“With mobile edge computing we will see powerful computing resources moved from the core of the network to the edge of the network, to the cell towers and that will open up a whole host of new applications and give us as an operator the ability to launch and customise new applications that we cannot do with 4G.”
Low latency greatest advantage of 5G
Jeff Owen reinforced the claims repeatedly made for 5G: That it will deliver bandwidths of several gigabits per second and offer much lower latency than 4G networks, but said latency was “if anything the greatest advantage that 5G will bring. We will see the time taken for data to get from A to B cut down form many tens of milliseconds down to as low as one millisecond.”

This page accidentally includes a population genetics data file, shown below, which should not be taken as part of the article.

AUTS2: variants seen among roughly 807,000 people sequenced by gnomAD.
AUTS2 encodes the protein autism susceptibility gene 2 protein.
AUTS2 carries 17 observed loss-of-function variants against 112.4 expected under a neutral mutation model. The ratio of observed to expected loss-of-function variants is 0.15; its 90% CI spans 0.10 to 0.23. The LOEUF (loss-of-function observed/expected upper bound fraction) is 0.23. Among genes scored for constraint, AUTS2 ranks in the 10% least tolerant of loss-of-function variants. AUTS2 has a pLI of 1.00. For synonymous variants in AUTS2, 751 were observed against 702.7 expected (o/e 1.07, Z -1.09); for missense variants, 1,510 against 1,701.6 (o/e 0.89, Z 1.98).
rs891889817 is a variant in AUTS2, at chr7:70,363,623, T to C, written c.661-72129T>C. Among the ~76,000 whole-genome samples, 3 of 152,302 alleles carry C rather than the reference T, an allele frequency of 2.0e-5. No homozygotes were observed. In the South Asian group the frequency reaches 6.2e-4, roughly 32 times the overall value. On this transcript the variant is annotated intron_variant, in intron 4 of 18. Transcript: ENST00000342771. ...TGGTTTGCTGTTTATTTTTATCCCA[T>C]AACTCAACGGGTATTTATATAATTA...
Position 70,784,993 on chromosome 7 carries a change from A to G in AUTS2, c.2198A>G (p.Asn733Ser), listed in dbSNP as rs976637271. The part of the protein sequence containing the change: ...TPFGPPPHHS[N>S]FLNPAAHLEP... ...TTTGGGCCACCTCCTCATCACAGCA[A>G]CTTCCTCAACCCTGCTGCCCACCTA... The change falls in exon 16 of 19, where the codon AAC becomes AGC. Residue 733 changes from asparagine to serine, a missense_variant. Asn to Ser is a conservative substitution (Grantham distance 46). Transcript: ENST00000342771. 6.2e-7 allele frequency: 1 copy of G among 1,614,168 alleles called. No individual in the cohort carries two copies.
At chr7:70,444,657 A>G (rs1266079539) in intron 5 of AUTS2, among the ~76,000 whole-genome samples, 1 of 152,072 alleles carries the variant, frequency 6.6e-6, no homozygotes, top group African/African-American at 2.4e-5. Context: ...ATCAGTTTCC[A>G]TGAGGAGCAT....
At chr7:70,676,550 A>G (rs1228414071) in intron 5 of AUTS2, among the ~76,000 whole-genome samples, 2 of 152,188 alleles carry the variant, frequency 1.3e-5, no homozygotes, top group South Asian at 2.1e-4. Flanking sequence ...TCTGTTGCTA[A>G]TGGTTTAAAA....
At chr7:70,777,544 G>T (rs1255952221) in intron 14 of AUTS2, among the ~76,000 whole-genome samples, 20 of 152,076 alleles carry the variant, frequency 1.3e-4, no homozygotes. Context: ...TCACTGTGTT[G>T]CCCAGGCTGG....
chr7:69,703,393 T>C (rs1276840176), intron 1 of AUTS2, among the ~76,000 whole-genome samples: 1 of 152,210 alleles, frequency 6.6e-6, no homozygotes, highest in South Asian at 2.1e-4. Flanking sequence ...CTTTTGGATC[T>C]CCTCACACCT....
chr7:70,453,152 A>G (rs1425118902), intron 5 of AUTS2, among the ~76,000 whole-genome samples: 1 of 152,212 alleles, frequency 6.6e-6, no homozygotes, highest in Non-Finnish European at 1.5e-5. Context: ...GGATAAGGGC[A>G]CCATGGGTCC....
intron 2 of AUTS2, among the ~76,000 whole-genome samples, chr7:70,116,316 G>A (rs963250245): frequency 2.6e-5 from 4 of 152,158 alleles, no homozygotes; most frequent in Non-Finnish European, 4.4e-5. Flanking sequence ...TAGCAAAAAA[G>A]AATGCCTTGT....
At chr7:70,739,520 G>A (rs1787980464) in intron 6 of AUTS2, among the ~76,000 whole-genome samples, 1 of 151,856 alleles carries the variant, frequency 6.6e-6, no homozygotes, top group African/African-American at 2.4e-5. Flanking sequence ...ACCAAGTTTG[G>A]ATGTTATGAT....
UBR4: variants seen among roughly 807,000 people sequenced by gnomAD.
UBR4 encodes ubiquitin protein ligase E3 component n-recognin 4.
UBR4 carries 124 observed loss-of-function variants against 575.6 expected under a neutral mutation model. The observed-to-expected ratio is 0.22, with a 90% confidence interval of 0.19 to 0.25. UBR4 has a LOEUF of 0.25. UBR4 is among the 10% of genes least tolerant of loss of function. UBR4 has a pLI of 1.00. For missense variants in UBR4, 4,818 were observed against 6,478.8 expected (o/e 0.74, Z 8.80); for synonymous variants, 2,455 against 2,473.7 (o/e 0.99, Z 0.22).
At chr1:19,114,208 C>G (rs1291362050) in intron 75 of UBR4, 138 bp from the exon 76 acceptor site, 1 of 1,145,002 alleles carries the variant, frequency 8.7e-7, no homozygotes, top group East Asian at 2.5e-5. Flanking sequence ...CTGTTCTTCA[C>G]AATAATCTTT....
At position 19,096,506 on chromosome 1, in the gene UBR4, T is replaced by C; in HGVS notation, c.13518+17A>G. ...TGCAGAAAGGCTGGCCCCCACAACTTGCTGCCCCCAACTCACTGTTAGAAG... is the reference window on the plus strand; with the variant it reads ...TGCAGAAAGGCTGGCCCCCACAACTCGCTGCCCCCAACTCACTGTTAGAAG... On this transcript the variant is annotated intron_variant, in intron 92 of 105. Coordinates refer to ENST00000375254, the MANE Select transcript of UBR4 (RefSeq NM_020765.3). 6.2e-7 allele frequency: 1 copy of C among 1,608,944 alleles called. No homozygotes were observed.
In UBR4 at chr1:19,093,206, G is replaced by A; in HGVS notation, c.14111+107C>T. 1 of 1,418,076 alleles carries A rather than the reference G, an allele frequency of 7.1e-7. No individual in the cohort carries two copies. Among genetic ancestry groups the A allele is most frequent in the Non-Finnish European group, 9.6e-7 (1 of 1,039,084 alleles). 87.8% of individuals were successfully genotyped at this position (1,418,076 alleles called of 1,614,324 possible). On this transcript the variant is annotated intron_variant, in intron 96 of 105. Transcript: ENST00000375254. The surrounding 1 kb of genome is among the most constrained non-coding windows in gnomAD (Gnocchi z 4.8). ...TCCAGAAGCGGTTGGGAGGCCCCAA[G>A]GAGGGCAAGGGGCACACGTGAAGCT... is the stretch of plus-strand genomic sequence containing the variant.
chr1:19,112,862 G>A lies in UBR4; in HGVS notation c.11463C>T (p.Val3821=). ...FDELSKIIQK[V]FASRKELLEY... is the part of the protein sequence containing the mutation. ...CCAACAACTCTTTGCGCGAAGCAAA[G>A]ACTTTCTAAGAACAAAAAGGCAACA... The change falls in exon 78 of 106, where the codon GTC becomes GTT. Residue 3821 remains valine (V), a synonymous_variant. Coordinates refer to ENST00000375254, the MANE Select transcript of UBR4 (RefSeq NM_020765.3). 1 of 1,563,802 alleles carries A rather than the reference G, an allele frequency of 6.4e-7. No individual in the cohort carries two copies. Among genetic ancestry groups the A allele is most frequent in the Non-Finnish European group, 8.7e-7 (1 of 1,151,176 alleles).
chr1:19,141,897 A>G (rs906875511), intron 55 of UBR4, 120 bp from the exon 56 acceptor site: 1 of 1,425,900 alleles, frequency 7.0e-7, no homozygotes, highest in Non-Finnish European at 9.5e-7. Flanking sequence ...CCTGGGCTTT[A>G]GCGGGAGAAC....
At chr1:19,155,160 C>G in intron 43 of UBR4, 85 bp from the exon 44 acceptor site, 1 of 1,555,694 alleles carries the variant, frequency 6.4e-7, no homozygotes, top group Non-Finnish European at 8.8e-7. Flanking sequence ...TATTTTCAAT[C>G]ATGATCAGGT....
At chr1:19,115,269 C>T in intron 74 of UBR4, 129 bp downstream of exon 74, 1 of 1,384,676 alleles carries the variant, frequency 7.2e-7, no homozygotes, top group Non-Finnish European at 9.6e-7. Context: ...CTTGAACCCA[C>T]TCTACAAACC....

However, latency in a mobile network — the time taken for end-to-end communication — is a function of both processing delays and distance and no technology will reduce distance related latency which is a determined by the velocity of electromagnetic energy through the transmission medium.
A Nokia spokesman told Computerworld that the latency in this case referred to the time taken for a base station to receive and return a signal to a device. He said 5G was being developed to prioritise applications requiring low latency — such as real-time control of robotic devices— over other less latency sensitive application.
Owen said the third defining characteristic of 5G would be connection density. “The density of connectivity will size from tens of thousands of devices per square kilometre to millions of devices per square kilometre.”
Vodafone rival Optus has signed a memorandum of understanding with Nokia for collaboration on the development of 5G. Telstra in September staged the first public demonstration in Australia of 5G in collaboration with Ericsson.